Image of painting titled (Wooded Walk and Meadows, possibly the Galleria Di Sopra at Albano)

Pastoral Landscapes

“I long for rural and domestic scenes, for the warbling of Birds ... As much as I converse with Sages and Heroes, they have very little of my Love or Admiration ...” John Adams to Abigail Adams, 1777

Over the centuries, pastoral subject matter has been expressed through fine art, poetry, music, and literature. In ancient Rome, the poet Virgil stimulated interest in the pastoral genre as he described the idyllic life of the country shepherd. Many of his poems were set in a utopian land known as Arcadia. Romanticized and idealized landscapes that captured people and animals in harmony with nature were often described as “Arcadian.”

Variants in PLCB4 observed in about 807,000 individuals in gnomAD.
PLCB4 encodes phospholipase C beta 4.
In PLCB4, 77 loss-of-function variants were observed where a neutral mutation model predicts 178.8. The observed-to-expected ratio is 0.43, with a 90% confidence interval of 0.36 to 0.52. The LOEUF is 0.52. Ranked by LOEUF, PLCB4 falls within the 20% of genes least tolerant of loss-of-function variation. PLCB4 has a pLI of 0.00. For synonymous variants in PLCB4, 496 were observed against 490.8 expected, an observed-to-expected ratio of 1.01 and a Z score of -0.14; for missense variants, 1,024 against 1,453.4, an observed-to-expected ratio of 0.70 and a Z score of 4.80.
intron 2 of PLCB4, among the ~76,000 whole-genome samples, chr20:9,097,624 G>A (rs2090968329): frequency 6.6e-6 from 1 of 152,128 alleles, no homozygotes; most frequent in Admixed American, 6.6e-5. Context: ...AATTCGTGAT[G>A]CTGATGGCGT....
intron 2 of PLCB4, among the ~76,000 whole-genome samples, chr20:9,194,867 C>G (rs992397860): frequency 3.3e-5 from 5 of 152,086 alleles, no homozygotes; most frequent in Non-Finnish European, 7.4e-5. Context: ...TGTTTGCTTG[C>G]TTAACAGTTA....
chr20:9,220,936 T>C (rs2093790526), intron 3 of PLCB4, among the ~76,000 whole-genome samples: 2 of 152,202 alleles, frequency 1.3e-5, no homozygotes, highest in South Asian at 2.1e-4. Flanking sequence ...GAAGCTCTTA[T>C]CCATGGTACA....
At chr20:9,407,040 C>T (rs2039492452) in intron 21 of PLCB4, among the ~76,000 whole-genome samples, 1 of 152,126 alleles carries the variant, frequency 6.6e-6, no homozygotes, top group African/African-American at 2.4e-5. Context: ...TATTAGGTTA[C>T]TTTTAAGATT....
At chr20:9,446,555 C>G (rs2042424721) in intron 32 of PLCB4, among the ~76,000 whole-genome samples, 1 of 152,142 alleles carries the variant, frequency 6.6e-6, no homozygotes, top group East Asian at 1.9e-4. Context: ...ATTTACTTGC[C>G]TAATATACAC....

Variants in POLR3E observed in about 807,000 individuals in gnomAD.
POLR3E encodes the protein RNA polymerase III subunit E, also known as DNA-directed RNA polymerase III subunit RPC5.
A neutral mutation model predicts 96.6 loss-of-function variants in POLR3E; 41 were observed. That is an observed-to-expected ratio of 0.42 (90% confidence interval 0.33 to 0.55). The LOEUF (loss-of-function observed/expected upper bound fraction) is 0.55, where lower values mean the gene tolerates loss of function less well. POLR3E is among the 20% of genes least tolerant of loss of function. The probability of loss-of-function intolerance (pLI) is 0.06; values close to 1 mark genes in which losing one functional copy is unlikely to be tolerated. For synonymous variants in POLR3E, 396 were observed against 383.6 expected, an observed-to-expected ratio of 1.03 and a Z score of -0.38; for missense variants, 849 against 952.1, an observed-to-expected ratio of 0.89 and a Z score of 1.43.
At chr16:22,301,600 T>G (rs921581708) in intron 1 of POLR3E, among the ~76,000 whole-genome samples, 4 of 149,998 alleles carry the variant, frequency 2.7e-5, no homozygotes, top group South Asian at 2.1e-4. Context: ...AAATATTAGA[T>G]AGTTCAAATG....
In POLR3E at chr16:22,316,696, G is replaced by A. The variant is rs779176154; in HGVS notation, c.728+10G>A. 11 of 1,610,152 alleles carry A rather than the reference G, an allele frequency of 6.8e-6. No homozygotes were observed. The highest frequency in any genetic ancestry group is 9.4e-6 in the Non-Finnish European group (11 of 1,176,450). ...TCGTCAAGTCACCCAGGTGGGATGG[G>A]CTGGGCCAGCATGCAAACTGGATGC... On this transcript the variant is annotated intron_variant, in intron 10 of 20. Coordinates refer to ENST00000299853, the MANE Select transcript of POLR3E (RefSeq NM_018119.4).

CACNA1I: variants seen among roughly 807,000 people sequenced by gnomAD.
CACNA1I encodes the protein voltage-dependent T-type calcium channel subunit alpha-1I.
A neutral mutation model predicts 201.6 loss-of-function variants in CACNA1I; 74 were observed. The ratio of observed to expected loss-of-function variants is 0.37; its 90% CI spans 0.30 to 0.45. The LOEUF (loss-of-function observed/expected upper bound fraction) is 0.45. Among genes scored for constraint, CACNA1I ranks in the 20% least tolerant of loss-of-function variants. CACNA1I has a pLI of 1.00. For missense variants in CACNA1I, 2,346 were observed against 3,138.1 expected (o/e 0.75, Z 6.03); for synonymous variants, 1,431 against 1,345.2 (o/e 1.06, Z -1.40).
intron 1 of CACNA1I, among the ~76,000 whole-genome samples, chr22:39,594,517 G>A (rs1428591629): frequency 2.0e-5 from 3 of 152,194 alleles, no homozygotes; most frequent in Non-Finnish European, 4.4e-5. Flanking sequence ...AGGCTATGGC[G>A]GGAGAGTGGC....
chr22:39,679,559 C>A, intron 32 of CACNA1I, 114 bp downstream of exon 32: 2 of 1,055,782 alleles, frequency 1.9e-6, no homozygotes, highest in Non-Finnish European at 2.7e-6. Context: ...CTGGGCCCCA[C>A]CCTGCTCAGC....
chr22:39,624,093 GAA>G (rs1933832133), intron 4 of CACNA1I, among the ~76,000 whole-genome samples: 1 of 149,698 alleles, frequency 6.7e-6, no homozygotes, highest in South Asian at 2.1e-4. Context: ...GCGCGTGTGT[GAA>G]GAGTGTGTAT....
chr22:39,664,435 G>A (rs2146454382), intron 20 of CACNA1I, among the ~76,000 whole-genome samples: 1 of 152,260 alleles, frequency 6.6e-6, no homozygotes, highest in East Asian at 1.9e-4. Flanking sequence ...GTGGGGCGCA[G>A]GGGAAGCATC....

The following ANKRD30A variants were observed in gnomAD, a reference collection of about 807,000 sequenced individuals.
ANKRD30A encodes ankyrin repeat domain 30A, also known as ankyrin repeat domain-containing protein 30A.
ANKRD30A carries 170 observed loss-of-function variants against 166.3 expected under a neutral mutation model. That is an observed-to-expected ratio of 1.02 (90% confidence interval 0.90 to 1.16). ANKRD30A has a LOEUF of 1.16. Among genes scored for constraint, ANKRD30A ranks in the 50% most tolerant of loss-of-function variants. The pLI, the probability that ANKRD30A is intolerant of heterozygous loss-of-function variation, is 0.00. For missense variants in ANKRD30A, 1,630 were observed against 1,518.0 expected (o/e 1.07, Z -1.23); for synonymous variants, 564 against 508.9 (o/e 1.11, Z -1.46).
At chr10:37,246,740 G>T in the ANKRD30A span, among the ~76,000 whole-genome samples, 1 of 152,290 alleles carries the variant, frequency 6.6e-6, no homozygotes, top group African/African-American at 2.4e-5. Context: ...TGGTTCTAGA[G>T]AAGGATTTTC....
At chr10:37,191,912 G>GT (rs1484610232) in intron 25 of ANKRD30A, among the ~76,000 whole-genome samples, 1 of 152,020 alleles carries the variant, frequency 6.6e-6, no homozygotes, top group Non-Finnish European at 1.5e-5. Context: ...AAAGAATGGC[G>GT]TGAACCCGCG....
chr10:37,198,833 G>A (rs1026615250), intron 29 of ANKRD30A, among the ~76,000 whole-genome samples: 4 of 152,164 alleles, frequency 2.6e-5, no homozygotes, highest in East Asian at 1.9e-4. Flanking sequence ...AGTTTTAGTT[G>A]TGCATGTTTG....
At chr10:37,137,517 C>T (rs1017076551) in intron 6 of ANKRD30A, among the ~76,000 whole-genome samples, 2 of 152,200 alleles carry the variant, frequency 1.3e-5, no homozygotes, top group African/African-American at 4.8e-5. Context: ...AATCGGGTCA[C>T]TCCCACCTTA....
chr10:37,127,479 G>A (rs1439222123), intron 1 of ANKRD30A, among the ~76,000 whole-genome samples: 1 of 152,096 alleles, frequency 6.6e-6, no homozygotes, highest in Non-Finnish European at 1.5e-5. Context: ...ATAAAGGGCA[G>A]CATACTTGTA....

Virgil’s writings inspired several fourteenth century Italian poets, including Petrarch, who commented on the need to escape the clamor of towns and to find solace and quiet in the countryside. Interest in bucolic scenes expanded rapidly throughout Renaissance Europe.

There was a great fascination with pastoral images in the nineteenth century, most notably in France, England, and Germany. Influences included the great Dutch and Flemish masters, who considered the cow to be a symbol of prosperity.

American artists also contributed to the growing popularity of pastorals. Works depicting the idyllic countryside, noble peasants, cattle, and flocks of sheep provided an escape from rapidly urbanizing cities.

Artists explored the idealization of untouched nature and simple country landscapes in serene settings that were depicted without any of the damaging effects of industrial progress. Ironically, the artworks in this genre were often favored by wealthy patrons who had made their fortunes in noisy and crowded towns and cities but longed for life in the country.

Image of painting titled The Old Stage Coach

Image of painting titled Spring Landscape, Branchville